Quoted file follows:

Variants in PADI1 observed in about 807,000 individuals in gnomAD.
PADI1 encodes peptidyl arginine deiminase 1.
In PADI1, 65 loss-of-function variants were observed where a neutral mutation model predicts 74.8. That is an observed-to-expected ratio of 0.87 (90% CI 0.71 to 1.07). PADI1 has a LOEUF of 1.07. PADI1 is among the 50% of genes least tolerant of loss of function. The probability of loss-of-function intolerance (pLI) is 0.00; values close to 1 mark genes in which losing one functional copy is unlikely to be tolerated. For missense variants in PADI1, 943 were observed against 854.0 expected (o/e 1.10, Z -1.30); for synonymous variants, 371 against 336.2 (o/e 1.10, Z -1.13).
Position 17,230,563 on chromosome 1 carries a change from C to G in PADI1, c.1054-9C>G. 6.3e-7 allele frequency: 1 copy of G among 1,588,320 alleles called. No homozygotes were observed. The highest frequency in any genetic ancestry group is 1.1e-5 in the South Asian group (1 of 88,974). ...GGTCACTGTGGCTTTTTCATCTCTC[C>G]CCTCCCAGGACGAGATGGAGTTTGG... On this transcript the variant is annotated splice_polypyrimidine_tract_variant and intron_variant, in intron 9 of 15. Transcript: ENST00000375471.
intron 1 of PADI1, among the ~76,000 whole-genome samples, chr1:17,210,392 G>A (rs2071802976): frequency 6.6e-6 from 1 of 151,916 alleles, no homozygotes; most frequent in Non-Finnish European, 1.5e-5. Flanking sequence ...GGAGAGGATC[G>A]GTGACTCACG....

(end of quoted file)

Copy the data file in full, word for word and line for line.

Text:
Variants in PADI1 observed in about 807,000 individuals in gnomAD.
PADI1 encodes peptidyl arginine deiminase 1.
In PADI1, 65 loss-of-function variants were observed where a neutral mutation model predicts 74.8. That is an observed-to-expected ratio of 0.87 (90% CI 0.71 to 1.07). PADI1 has a LOEUF of 1.07. PADI1 is among the 50% of genes least tolerant of loss of function. The probability of loss-of-function intolerance (pLI) is 0.00; values close to 1 mark genes in which losing one functional copy is unlikely to be tolerated. For missense variants in PADI1, 943 were observed against 854.0 expected (o/e 1.10, Z -1.30); for synonymous variants, 371 against 336.2 (o/e 1.10, Z -1.13).
Position 17,230,563 on chromosome 1 carries a change from C to G in PADI1, c.1054-9C>G. 6.3e-7 allele frequency: 1 copy of G among 1,588,320 alleles called. No homozygotes were observed. The highest frequency in any genetic ancestry group is 1.1e-5 in the South Asian group (1 of 88,974). ...GGTCACTGTGGCTTTTTCATCTCTC[C>G]CCTCCCAGGACGAGATGGAGTTTGG... On this transcript the variant is annotated splice_polypyrimidine_tract_variant and intron_variant, in intron 9 of 15. Transcript: ENST00000375471.
intron 1 of PADI1, among the ~76,000 whole-genome samples, chr1:17,210,392 G>A (rs2071802976): frequency 6.6e-6 from 1 of 151,916 alleles, no homozygotes; most frequent in Non-Finnish European, 1.5e-5. Flanking sequence ...GGAGAGGATC[G>A]GTGACTCACG....